The Entrepreneur Who Saw Profit In Making A Pig Do A Jig

Published 11 years ago
The Entrepreneur Who Saw Profit  In Making A Pig Do A Jig

In 1983, Gerard Sina, who didn’t finish school, set about trying to make something of his life. He lived with his parents on a farm, in a small town called Nyirangarama, in Northern Rwanda. One day, it dawned on him that the travelers between Rwanda’s two biggest cities—the capital Kigali and Gisenyi in the West—had nowhere to stop for refreshments during their four hour journey. He set up a small stall of baked goods that he sold to tired and hungry travelers.

Sina used a simple, but effective, marketing method to entice patrons. He offered travelers free samples of his food. Unable to resist, they quickly become accustomed to a place to get second wind on their journey. Soon the roadside stall became a regular fixture on the well-traveled route.

Then Sina found a way to produce his baked goods at a more industrial level. His little roadside stall became a 24-hour pit stop. Now travelers were flocking in around the clock. Whatever Sina lacked in formal education, he made up for in raw business talent.


His second stroke of genius came in 1999, when he discovered the riches that lay within the belly of the passion fruit. He developed a new method to extract juice to make concentrated syrup that he bottled and sold in bulk. Today, Agashya, literally translated as ‘something new’, is the first of Sina’s iconic Rwandan brands.

The second creation was Akabanga. ‘The secret’ is an oil-based chilli sauce that has changed the way that Rwandans eat. Before Akabanga, Rwandese food was traditionally bland, seasoned only lightly with salt and some herbs, but today Akabanga is a fixture on the dinner tables of the country.

These products, which are also exported in small quantities to the rest of the East African Region, Europe and North America, have set him on the way to recognition. His mother company, Urwibutso Enterprise, won bronze for Best Exporter at the Rwanda Development Board Awards in 2009. The ceremony is held annually to pay homage to the best performing companies in the various Rwandan industries.

Sina has been the recipient of several other awards including; the Arch of Kigali in the gold category for technology and quality in 2006 in Frankfurt, the Legatum Pioneers of Prosperity Awards for Entrepreneurship in 2007 in Kigali, and more recently in 2011 in London at the Business Initiative Direction Award in the diamond category for business management, excellence, quality, technology, innovation and expansion.


Along with an eye for business, Sina has an inquisitive nature.

On a trip across Europe, Sina saw some farmers playing music to their pigs. Intrigued, he reasoned that music makes people happy and brightens even the dullest moments, so the same could be true for pigs. When he returned to Rwanda he set about experimenting with his own pigs. He went as far as having a control group of pigs that were not exposed to music during the experiment period.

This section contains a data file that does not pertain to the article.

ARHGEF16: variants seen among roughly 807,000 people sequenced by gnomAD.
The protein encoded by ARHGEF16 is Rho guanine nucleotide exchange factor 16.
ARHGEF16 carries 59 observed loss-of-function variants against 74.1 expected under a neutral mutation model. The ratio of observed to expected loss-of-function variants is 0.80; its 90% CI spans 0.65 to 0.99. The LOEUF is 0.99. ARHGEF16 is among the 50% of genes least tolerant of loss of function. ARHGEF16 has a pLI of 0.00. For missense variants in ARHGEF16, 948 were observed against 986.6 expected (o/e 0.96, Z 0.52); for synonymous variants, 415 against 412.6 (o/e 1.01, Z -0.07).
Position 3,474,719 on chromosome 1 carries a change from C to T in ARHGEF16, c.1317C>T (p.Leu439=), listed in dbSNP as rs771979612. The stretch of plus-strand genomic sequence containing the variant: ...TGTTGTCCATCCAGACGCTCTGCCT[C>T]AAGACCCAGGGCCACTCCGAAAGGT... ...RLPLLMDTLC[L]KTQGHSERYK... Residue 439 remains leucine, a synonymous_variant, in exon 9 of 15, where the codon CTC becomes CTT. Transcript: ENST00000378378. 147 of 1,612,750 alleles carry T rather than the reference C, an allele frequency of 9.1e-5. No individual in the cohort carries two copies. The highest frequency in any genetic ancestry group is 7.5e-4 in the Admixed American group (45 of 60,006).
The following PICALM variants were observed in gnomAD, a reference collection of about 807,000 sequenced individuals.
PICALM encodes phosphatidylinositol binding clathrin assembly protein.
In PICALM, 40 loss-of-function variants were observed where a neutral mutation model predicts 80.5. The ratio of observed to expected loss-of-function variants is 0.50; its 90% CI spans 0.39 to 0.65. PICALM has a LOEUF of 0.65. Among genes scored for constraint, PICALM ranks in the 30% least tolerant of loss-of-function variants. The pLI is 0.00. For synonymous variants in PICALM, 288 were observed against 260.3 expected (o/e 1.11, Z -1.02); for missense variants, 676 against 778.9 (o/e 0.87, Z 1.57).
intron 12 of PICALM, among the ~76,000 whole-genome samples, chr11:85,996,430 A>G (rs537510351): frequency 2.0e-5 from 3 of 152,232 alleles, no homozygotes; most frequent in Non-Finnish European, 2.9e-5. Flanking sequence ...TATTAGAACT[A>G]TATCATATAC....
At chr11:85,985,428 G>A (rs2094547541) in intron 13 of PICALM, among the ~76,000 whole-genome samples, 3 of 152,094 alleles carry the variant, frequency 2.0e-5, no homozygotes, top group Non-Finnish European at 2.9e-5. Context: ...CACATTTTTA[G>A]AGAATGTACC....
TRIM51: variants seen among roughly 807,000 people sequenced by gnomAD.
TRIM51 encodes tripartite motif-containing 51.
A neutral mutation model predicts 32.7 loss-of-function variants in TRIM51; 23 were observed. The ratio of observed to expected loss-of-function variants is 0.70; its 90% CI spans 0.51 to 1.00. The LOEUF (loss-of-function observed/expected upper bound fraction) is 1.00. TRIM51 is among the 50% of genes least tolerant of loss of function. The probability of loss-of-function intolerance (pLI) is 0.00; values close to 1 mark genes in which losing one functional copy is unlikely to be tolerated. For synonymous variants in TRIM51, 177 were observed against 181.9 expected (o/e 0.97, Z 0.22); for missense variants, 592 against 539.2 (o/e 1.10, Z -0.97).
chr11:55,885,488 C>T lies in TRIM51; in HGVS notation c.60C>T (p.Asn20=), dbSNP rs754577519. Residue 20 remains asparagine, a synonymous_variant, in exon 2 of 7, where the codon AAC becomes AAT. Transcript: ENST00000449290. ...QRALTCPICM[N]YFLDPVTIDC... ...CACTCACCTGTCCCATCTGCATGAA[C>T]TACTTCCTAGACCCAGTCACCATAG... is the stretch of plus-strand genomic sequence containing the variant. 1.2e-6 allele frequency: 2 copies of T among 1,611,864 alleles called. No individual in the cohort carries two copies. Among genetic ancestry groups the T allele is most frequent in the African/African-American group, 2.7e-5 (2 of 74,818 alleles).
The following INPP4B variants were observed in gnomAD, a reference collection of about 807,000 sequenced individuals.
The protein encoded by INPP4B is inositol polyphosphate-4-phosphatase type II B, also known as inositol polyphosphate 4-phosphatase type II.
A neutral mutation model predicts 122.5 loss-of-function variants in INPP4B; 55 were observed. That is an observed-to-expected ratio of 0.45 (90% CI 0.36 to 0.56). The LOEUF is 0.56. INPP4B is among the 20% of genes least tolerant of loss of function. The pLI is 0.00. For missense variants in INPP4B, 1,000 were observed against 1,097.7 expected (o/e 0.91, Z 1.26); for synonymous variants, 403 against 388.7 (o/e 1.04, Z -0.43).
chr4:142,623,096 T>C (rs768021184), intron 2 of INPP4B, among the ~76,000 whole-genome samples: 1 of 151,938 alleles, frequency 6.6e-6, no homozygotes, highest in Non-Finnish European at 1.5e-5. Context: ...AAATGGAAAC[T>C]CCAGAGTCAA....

He found that the pigs that were exposed to music were indeed happier at the end of the experiment; they ate more, grew faster and fell ill less often than the ones in the control group. Now, he plays music to his pigs every day.

On another trip to Europe, he visited a vineyard and an orchard, again intrigued; he decided to grow apples and grapes, fruits that are not found in Rwanda. He now makes red wine and supplies apples to stalls in the local produce market.


Another quintessential African solution that Sina has adapted from his many travels is to ensure that he always uses locally grown raw materials. Having lived the life of a small scale farmer himself, he knows the day-to-day hardships that they often face. The count of local farmers he employs is 3,000 and growing. He trains them and provides seeds and fertilizer and in return they sell their crops exclusively to him.

Gerard Sina shows his allegiance to Rwanda and to her culture in many ways, the most notable being the naming of his products—they all have Rwandese names. He wants people in the export destination countries to marvel at these exotic names and to ask “what language is that?” or “what does that mean?”, thus creating a mystical aura around Rwanda and her people.

All of this in a country that wants to develop its information and communications technology (ICT) sectors to become the Singapore of Africa, and move away from farming.

“Agriculture comes first, because the most successful countries are those where people can eat,” he says.


Sina’s journey through life and business has not always been easy. During the 1994 genocide his young business was completely destroyed, he lost everything but the land where he toiled. Since he has always believed that giving up is an act of cowardice, building his business back up from scratch was something that simply had to be done.

His advice for young people who are rebuilding Rwanda is to not be afraid to share ideas and add value to Africa’s raw materials. For Africa as a whole, Sina believes that the answer to prosperity on the continent lies in adding value to raw materials.

“Do not just grow strawberries to sell them at the market. Make jam, juice, yogurt and cosmetics. This way, more can be charged for the finished product and more profit can be made. This profit can then be used as additional capital for the business and to provide a better life for all involved,” he says.

This approach has contributed greatly to Urwibutso Enterprises, making profits around the million dollar mark in the past two, very difficult, post-recession years.


Sina is adamant that Africans should take a page out the West’s book. More emphasis should be put into becoming self-reliant, rather than relying on international aid. He would rather not give his fellow Africans fish, but teach them how to fish. That way they will never go hungry.